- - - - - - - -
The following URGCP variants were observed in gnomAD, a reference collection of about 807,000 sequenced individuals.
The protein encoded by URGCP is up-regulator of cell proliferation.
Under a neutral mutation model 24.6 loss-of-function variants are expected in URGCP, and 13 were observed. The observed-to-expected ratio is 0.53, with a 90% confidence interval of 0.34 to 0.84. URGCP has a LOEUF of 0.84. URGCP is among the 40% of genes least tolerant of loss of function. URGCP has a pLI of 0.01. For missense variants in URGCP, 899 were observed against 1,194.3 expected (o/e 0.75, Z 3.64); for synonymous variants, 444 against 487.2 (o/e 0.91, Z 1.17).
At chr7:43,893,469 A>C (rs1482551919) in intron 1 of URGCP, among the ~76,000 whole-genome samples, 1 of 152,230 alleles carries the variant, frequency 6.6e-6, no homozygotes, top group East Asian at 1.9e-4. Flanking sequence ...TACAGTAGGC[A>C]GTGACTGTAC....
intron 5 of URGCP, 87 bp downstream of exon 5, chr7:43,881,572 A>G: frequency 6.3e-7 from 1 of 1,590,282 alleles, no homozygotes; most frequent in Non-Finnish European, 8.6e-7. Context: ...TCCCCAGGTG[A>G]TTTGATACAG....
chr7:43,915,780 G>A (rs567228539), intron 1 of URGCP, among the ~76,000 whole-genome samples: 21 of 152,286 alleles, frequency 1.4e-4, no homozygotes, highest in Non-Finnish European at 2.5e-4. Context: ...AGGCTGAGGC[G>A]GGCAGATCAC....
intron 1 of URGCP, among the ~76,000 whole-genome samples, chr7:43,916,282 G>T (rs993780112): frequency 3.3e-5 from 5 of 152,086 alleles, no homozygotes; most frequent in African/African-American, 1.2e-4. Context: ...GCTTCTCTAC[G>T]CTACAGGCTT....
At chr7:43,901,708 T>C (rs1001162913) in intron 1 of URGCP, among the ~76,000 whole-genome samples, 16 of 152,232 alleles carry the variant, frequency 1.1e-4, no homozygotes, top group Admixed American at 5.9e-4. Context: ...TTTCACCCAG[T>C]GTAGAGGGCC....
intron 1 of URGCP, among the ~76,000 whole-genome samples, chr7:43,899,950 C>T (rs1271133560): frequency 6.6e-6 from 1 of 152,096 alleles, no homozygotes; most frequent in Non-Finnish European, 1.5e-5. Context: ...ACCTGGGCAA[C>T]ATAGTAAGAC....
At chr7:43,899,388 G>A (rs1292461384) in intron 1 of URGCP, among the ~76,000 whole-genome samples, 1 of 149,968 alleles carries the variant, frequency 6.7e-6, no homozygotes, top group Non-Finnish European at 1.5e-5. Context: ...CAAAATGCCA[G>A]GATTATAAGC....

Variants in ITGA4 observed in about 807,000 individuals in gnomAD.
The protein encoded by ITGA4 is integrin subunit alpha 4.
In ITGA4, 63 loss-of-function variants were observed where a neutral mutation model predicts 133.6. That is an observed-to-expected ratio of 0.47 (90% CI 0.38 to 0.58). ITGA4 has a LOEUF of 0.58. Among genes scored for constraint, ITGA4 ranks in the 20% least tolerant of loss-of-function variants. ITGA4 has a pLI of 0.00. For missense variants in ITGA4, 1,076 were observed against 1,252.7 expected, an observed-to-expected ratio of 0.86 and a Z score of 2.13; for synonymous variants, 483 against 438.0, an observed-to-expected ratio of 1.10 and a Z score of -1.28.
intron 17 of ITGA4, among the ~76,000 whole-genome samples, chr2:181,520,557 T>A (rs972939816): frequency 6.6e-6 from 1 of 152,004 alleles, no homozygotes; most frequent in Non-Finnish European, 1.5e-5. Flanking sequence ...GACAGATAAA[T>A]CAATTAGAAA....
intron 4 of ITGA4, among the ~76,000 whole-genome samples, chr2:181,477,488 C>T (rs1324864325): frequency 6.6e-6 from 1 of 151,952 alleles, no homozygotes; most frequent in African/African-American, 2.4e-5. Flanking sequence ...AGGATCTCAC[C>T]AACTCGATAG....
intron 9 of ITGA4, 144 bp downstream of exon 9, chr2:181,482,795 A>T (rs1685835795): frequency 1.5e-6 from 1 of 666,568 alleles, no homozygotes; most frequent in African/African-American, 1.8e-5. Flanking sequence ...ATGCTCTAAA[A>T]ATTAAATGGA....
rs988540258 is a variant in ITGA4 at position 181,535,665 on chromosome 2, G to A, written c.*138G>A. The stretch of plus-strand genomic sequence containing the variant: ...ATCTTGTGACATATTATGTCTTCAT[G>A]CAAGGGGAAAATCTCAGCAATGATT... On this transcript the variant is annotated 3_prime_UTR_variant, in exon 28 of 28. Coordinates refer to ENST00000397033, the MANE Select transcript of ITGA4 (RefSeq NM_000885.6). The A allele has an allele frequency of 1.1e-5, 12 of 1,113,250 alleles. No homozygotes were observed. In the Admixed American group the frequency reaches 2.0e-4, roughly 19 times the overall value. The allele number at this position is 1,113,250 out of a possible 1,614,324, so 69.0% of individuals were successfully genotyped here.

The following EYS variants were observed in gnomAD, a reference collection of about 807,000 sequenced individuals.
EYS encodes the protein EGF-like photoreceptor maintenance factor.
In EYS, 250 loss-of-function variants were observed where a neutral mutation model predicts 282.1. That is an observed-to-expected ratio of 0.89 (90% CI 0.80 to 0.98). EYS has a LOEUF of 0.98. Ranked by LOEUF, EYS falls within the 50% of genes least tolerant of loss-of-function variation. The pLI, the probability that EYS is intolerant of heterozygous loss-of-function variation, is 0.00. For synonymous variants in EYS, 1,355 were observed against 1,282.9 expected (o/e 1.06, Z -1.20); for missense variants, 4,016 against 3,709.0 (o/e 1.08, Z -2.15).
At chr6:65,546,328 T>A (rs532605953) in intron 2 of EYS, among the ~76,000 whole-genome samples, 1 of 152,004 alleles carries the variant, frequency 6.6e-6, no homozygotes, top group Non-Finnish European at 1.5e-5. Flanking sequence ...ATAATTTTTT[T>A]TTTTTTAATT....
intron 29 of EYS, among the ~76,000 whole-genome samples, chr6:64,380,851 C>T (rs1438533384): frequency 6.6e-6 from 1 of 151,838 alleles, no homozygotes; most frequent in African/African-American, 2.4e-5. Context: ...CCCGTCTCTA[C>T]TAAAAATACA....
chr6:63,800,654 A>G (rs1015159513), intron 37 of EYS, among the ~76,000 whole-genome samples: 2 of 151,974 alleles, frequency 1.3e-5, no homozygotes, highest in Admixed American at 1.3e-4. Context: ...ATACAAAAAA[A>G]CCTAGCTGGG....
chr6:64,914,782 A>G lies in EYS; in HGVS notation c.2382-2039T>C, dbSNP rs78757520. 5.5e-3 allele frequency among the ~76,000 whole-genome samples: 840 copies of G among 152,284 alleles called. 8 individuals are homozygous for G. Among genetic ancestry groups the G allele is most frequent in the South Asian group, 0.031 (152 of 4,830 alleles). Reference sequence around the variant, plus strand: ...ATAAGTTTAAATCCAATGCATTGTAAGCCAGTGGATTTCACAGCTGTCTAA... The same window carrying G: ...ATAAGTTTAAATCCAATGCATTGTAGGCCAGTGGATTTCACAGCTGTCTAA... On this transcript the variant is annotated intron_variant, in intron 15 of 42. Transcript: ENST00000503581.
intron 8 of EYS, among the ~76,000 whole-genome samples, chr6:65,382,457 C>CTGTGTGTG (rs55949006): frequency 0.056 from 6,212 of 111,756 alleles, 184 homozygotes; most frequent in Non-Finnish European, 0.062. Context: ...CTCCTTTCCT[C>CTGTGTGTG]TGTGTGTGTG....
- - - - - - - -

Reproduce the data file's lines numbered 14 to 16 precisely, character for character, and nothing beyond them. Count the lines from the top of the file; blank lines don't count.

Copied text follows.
intron 17 of ITGA4, among the ~76,000 whole-genome samples, chr2:181,520,557 T>A (rs972939816): frequency 6.6e-6 from 1 of 152,004 alleles, no homozygotes; most frequent in Non-Finnish European, 1.5e-5. Flanking sequence ...GACAGATAAA[T>A]CAATTAGAAA....
intron 4 of ITGA4, among the ~76,000 whole-genome samples, chr2:181,477,488 C>T (rs1324864325): frequency 6.6e-6 from 1 of 151,952 alleles, no homozygotes; most frequent in African/African-American, 2.4e-5. Flanking sequence ...AGGATCTCAC[C>T]AACTCGATAG....
intron 9 of ITGA4, 144 bp downstream of exon 9, chr2:181,482,795 A>T (rs1685835795): frequency 1.5e-6 from 1 of 666,568 alleles, no homozygotes; most frequent in African/African-American, 1.8e-5. Flanking sequence ...ATGCTCTAAA[A>T]ATTAAATGGA....